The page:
Roman funerary stele with portrait found

A funerary stele from the Roman imperial era with a high-relief portrait of the deceased has been discovered in the hill town of Bucchianico in south central Italy’s Abruzzo region. The stone slab came to light during construction of a roundabout, spotted by the archaeologist supervising the work crew. It does not appear to have been found in its original location. It was likely displaced from the burial it was marking in antiquity or it may have been a secondary burial. Archaeologists will return to excavate the find site thoroughly in the hopes of finding traces of the grave.

The inscription reads:


Which approximately translates (with likely interpolations for the abbreviations) to:

To Mettia Rufa, freedwoman of Caius,
Mettia, freedwoman of Caius,
places this for her mother.

The Mettii were a prominent plebian family in the early imperial era. Originally from southern Italy a couple of regions down the boot from Abruzzo, the family rose in importance in the late Republic. Marcus Mettius was a legate of Julius Caesar’s in 58 B.C. The first Mettius to attain the rank of consul was appointed by the emperor Vespasian (r. 69-79 A.D.) Another three followed, giving the Mettii four consuls on their family track record between the 70s and 128 A.D. The one appointed in 103 A.D. was a Gaius (or Caius),¬†Gaius Trebonius Proculus Mettius Modestus, although of course there’s no way of knowing if he was the former owner of the freedwoman Mettia Rufa as Roman families used the same handful of first names over and over again.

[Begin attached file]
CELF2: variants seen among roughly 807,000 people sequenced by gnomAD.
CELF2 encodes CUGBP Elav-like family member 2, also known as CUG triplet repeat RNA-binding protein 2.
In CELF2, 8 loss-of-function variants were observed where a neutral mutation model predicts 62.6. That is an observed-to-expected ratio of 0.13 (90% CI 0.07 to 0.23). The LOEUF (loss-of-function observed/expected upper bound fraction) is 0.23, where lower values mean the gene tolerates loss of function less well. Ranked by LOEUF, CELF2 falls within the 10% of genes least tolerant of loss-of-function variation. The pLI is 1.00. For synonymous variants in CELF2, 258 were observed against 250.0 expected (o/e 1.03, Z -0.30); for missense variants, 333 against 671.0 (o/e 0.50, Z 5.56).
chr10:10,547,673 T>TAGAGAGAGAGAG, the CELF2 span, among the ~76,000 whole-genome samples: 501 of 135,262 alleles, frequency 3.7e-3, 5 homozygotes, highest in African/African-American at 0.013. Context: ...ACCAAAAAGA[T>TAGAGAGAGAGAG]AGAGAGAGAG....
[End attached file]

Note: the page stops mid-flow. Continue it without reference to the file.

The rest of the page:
Archaeological remains from the Roman era have been found before in the area where the stele was unearthed (hence the archaeological supervision). The hilltop itself housed a sanctuary of Hercules and the country homes of notable families were built in the environs. The burial ground of one of those families, the Aufidi, was discovered in 1836.

The stele will be transported to Sulmona where the Superintendency of Archaeology, Fine Arts and Landscape of the provinces of Chieti and Pescara have an appropriate facility to perform the necessary cleaning and conservation. While experts work on the stone, Bucchianico municipal officials will be raising funds for the restoration and eventual display back in the town where it was discovered, perhaps in the cloister of the municipal palace.